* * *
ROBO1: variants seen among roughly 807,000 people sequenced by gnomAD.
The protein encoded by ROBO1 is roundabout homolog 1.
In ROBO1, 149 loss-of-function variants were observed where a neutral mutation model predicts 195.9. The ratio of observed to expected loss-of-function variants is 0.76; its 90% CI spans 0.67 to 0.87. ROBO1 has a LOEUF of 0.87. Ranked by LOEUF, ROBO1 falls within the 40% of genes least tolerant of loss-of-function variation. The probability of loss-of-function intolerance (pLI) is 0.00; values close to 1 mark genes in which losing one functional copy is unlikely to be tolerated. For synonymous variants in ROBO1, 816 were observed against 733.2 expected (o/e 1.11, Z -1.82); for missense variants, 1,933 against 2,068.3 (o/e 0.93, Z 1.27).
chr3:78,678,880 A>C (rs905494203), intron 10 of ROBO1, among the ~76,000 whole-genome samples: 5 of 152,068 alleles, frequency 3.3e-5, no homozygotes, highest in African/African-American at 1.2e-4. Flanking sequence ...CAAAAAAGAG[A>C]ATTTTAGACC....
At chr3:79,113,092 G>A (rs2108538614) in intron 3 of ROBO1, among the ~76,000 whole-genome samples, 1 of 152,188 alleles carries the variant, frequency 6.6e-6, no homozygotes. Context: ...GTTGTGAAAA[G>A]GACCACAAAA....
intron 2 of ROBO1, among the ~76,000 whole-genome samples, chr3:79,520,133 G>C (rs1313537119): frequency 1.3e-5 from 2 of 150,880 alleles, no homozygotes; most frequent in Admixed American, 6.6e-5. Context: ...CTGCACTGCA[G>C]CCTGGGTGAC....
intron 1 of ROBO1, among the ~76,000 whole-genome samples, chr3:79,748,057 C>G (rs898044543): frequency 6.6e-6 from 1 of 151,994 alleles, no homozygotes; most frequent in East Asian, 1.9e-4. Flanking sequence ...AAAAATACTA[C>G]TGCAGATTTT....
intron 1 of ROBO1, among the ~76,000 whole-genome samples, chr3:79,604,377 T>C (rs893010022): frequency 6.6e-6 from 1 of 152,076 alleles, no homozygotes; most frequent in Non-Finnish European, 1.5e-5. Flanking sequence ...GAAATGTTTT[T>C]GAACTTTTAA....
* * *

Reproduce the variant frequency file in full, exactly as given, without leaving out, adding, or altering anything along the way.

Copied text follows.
ROBO1: variants seen among roughly 807,000 people sequenced by gnomAD.
The protein encoded by ROBO1 is roundabout homolog 1.
In ROBO1, 149 loss-of-function variants were observed where a neutral mutation model predicts 195.9. The ratio of observed to expected loss-of-function variants is 0.76; its 90% CI spans 0.67 to 0.87. ROBO1 has a LOEUF of 0.87. Ranked by LOEUF, ROBO1 falls within the 40% of genes least tolerant of loss-of-function variation. The probability of loss-of-function intolerance (pLI) is 0.00; values close to 1 mark genes in which losing one functional copy is unlikely to be tolerated. For synonymous variants in ROBO1, 816 were observed against 733.2 expected (o/e 1.11, Z -1.82); for missense variants, 1,933 against 2,068.3 (o/e 0.93, Z 1.27).
chr3:78,678,880 A>C (rs905494203), intron 10 of ROBO1, among the ~76,000 whole-genome samples: 5 of 152,068 alleles, frequency 3.3e-5, no homozygotes, highest in African/African-American at 1.2e-4. Flanking sequence ...CAAAAAAGAG[A>C]ATTTTAGACC....
At chr3:79,113,092 G>A (rs2108538614) in intron 3 of ROBO1, among the ~76,000 whole-genome samples, 1 of 152,188 alleles carries the variant, frequency 6.6e-6, no homozygotes. Context: ...GTTGTGAAAA[G>A]GACCACAAAA....
intron 2 of ROBO1, among the ~76,000 whole-genome samples, chr3:79,520,133 G>C (rs1313537119): frequency 1.3e-5 from 2 of 150,880 alleles, no homozygotes; most frequent in Admixed American, 6.6e-5. Context: ...CTGCACTGCA[G>C]CCTGGGTGAC....
intron 1 of ROBO1, among the ~76,000 whole-genome samples, chr3:79,748,057 C>G (rs898044543): frequency 6.6e-6 from 1 of 151,994 alleles, no homozygotes; most frequent in East Asian, 1.9e-4. Flanking sequence ...AAAAATACTA[C>G]TGCAGATTTT....
intron 1 of ROBO1, among the ~76,000 whole-genome samples, chr3:79,604,377 T>C (rs893010022): frequency 6.6e-6 from 1 of 152,076 alleles, no homozygotes; most frequent in Non-Finnish European, 1.5e-5. Flanking sequence ...GAAATGTTTT[T>C]GAACTTTTAA....